Construct (philosophy)

A construct in the philosophy of science is an ideal object, where the existence of the thing may be said to depend upon a subject's mind. This contrasts with a real object, where existence does not seem to depend on the existence of a mind.[1]

In a scientific theory, particularly within psychology, a hypothetical construct is an explanatory variable which is not directly observable. For example, the concepts of intelligence and motivation are used to explain phenomena in psychology, but neither is directly observable. A hypothetical construct differs from an intervening variable in that it has properties and implications which have not been demonstrated in empirical research. These serve as a guide to further research. An intervening variable, on the other hand, is a summary of observed empirical findings.

The creation of constructs is a part of operationalization, especially the creation of theoretical definitions. The usefulness of one conceptualization over another depends largely on construct validity. To address the non-observability of constructs, U.S. federal agencies such as the National Institutes of Health National Cancer Institute has created a construct database termed Grid-Enabled Measures (GEM) to improve construct use and reuse.

Bobo doll-en
An object's center of mass is certainly a real thing, but it is a construct (not another object)

Construct versus object

Concepts that are considered constructs by this definition include that which is designated by the symbol "3" or the word "liberty". Scientific hypotheses and theories (e.g. evolutionary theory, gravitational theory), as well as classifications (e.g. in biological taxonomy) are also conceptual entities considered to be constructs.

Simple examples of real objects (that are not constructs) include silver fish and undershirts.


Cronbach and Meehl (1955) define a hypothetical construct as a concept for which there is not a single observable referent, which cannot be directly observed, and for which there exist multiple referents, but none all-inclusive. For example, according to Cronbach and Meehl a fish is not a hypothetical construct because, despite variation in species and varieties of fish, there is an agreed upon definition for a fish with specific characteristics that distinguish a fish from a bird. Furthermore, a fish can be directly observed. On the other hand, a hypothetical construct has no single referent; rather, hypothetical constructs consist of groups of functionally related behaviors, attitudes, processes, and experiences. Instead of seeing intelligence, love, or fear we see indicators or manifestations of what we have agreed to call intelligence, love, or fear.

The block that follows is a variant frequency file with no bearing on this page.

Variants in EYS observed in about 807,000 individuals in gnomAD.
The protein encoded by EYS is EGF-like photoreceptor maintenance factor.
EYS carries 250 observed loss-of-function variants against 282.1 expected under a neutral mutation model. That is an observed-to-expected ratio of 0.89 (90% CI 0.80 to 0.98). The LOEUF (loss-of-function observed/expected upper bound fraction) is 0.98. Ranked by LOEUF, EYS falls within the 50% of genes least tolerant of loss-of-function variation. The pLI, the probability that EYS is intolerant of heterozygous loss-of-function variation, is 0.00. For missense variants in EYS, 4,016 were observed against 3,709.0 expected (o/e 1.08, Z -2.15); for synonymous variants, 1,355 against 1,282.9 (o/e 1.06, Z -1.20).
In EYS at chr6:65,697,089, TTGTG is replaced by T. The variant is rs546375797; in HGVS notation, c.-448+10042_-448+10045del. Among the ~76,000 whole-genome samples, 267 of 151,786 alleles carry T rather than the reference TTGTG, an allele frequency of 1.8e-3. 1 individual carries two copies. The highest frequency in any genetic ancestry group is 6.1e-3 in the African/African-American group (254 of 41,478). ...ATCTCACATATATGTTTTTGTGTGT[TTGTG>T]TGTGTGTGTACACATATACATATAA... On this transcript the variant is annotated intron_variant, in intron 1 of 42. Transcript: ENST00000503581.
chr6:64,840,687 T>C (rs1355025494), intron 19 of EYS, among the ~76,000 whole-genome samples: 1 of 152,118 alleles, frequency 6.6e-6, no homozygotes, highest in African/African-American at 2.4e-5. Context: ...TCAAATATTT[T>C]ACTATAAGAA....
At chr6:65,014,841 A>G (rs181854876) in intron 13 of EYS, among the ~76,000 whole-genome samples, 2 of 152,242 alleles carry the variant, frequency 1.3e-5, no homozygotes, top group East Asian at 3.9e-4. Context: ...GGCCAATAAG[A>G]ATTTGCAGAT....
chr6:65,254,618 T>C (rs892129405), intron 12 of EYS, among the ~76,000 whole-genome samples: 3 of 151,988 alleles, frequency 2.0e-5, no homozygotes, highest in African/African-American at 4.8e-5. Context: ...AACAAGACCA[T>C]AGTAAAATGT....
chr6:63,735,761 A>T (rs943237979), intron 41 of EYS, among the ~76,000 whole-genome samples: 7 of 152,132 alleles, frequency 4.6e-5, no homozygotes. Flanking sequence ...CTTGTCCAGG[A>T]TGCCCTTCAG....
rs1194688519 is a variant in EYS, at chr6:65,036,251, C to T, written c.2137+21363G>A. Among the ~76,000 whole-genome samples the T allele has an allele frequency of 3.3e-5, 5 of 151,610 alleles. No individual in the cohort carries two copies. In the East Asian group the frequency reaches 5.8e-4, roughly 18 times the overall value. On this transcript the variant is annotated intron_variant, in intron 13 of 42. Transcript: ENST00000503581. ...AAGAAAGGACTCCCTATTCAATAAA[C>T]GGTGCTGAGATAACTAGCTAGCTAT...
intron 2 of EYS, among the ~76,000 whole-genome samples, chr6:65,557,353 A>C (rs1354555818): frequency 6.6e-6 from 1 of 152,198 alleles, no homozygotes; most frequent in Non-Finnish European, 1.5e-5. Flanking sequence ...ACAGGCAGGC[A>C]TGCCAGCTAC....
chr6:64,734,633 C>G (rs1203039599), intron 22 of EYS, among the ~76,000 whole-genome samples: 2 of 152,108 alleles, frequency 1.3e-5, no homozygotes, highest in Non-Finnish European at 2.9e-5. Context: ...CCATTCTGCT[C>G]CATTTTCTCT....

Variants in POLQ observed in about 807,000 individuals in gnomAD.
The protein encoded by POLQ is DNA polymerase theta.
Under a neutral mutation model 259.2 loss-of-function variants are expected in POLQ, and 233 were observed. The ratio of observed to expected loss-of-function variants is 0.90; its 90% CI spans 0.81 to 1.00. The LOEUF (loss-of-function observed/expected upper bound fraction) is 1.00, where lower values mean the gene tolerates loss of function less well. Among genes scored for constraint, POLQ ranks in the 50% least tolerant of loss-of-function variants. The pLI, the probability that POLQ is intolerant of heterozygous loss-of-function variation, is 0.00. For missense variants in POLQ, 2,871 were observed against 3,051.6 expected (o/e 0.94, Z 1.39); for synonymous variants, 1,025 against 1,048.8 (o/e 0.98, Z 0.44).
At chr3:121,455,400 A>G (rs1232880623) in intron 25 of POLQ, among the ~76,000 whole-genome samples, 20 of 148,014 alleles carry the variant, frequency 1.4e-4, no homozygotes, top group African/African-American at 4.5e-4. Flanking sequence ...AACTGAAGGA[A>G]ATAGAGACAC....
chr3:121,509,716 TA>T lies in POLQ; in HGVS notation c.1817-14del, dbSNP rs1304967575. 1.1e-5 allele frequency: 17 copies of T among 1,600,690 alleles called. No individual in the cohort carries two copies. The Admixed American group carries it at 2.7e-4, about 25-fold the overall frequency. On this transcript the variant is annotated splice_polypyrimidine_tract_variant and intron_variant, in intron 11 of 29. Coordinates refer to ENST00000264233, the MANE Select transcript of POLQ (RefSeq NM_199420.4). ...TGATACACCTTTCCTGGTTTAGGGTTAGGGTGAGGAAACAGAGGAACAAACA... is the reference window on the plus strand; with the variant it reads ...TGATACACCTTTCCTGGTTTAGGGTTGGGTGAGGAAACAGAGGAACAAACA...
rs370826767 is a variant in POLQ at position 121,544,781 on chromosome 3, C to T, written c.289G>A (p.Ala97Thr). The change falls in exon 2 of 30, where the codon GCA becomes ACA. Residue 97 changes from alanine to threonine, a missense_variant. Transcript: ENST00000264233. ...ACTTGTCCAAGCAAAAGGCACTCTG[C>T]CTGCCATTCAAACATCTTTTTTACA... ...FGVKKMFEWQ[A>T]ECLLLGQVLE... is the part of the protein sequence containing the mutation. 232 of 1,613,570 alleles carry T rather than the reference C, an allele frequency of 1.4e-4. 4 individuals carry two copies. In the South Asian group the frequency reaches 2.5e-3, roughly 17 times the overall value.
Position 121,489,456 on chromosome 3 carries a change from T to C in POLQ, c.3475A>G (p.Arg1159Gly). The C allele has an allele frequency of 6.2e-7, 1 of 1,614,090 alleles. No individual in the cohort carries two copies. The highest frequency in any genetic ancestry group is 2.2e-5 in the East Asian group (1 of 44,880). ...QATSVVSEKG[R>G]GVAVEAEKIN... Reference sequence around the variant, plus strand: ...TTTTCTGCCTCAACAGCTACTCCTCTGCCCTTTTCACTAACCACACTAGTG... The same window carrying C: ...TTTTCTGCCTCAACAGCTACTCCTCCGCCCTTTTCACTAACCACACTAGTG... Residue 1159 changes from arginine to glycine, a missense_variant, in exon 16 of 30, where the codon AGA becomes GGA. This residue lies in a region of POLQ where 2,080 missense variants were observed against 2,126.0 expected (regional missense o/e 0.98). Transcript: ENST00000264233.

Symptoms of leukemia
Diseases like Leukemia are important explanatory concepts, but do not 'exist' in the same way as a rock or a pencil

McCorquodale and Meehl (1948) discussed the distinction between what they called intervening variables and these hypothetical constructs. McCorquodale and Meehl (1948) describe hypothetical constructs as containing surplus meaning, as they imply more than just the operations by which they are measured.

In the positivist tradition, Boring (1923) described intelligence as whatever the intelligence test measures. As a reaction to such operational definitions, Cronbach and Meehl (1955) emphasized the necessity of viewing constructs like intelligence as hypothetical constructs. They asserted that there is no adequate criterion for the operational definition of constructs like abilities and personality. Thus, according to Cronbach and Meehl (1955), a useful construct of intelligence or personality should imply more than simply test scores. Instead these constructs should predict a wide range of behaviors.


Boring, E.G. (1923) "Intelligence as the tests test it", New Republic 36:35-37.

Cronbach, L.J., and Meehl, P.E. (1955) "Construct validity in psychological tests", Psychological Bulletin 52:281-302.

MacCorquodale, K.,& Meehl, P.E. (1948). "On a distinction between hypothetical constructs and intervening variables", Psychological Review 55:95-107.


  1. ^ Bunge, M. 1974. Treatise on Basic Philosophy, Vol. I Semantics I: Sense and Reference. Dordrecth-Boston: Reidel Publishing Co.

Construct, Constructs or constructs may refer to:

Construct (information technology), a collection of logic components forming an interactive agent or environment

Language construct

Construct (Dungeons & Dragons), a type of creature in the roleplaying game Dungeons & Dragons

Construct (album), a 2013 album by Dark Tranquillity

Construct (comics), a fictional artificial intelligence in the DC Universe

Construct (philosophy of science), a hypothetical object whose phenomenal existence depends upon a subject's mind

Construct (python library), a software library used for data-structuring